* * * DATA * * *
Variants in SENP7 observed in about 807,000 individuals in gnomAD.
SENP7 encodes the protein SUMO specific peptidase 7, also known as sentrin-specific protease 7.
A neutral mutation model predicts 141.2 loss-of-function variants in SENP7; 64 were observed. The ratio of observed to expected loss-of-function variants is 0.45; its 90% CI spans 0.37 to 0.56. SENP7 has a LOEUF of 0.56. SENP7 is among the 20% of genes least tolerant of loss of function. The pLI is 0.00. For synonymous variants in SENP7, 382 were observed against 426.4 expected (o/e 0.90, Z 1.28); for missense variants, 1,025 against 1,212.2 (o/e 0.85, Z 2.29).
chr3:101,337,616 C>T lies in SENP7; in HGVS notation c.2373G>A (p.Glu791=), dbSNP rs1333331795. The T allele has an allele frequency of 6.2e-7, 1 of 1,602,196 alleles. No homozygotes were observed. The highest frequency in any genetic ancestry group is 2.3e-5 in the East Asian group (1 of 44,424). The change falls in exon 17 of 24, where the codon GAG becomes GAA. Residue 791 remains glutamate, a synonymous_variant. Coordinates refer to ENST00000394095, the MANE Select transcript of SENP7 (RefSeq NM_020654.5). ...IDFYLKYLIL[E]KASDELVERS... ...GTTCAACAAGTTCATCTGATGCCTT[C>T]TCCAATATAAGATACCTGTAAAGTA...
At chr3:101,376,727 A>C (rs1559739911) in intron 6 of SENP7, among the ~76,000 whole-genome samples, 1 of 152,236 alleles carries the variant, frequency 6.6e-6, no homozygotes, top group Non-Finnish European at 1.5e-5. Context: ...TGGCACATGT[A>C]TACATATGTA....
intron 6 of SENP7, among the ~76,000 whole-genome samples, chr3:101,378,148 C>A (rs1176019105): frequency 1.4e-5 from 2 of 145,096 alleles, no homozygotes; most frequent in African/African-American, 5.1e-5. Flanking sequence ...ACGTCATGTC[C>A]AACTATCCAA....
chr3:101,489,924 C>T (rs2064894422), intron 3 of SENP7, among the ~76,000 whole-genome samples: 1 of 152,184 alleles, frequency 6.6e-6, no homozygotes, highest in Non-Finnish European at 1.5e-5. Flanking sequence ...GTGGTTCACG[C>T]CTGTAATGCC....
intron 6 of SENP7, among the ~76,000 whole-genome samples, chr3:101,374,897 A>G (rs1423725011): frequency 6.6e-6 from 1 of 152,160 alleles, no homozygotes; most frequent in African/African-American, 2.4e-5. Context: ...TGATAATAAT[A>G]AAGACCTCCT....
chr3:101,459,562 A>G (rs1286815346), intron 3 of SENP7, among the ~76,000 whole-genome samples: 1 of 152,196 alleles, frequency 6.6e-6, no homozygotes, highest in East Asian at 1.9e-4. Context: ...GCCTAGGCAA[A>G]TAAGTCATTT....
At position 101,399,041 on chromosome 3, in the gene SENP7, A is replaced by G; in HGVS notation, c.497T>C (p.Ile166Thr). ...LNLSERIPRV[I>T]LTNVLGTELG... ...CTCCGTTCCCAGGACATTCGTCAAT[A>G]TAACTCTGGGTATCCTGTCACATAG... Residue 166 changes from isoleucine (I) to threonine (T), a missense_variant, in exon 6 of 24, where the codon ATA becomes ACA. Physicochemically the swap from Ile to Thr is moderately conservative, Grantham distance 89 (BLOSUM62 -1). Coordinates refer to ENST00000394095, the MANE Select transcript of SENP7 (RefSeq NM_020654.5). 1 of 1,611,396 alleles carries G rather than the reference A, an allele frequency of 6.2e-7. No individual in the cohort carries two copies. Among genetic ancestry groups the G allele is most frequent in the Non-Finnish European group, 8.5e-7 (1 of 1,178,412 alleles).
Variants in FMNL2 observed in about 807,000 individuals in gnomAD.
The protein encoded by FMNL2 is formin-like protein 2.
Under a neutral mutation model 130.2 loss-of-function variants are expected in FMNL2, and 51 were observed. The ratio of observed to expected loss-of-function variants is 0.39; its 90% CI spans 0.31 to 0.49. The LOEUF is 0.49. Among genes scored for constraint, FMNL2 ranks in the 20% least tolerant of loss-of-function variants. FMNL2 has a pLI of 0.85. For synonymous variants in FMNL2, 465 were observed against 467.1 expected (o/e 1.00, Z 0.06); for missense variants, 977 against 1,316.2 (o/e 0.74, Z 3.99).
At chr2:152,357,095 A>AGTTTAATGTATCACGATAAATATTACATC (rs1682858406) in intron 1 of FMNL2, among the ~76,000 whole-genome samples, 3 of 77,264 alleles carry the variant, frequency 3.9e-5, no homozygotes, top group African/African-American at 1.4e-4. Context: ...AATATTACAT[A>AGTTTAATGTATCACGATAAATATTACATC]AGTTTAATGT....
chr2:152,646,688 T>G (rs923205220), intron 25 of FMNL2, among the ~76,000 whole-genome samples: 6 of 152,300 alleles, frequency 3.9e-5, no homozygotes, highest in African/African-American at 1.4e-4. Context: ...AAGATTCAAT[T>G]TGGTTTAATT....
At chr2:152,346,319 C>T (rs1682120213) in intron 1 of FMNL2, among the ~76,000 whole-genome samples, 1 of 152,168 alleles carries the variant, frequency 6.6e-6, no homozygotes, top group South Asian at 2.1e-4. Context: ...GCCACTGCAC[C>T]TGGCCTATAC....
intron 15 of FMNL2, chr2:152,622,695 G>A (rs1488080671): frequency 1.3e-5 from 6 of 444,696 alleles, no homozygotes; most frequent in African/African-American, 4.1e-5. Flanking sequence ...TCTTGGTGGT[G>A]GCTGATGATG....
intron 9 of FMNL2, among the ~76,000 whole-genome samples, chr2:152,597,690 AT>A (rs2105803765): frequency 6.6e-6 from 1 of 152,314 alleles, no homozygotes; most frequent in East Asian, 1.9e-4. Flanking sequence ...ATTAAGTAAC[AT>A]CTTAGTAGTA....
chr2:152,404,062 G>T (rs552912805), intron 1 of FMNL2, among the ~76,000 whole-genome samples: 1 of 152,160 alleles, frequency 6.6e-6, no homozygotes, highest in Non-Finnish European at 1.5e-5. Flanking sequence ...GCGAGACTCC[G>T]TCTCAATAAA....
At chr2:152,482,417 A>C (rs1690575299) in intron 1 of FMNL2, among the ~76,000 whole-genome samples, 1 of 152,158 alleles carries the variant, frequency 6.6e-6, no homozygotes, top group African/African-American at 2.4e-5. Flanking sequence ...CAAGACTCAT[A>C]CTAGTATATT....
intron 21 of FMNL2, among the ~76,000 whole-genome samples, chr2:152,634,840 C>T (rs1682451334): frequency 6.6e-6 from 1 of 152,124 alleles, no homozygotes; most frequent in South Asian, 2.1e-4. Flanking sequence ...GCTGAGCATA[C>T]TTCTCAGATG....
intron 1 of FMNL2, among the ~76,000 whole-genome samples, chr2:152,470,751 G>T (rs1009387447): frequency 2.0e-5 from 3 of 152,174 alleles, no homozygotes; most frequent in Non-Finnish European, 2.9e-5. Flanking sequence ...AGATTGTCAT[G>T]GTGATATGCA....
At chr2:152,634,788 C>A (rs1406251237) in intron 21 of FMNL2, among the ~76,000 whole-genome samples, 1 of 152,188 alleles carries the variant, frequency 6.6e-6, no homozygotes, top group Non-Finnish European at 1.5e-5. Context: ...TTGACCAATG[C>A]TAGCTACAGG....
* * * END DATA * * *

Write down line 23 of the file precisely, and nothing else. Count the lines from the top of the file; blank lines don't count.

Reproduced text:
At chr2:152,634,788 C>A (rs1406251237) in intron 21 of FMNL2, among the ~76,000 whole-genome samples, 1 of 152,188 alleles carries the variant, frequency 6.6e-6, no homozygotes, top group Non-Finnish European at 1.5e-5. Context: ...TTGACCAATG[C>A]TAGCTACAGG....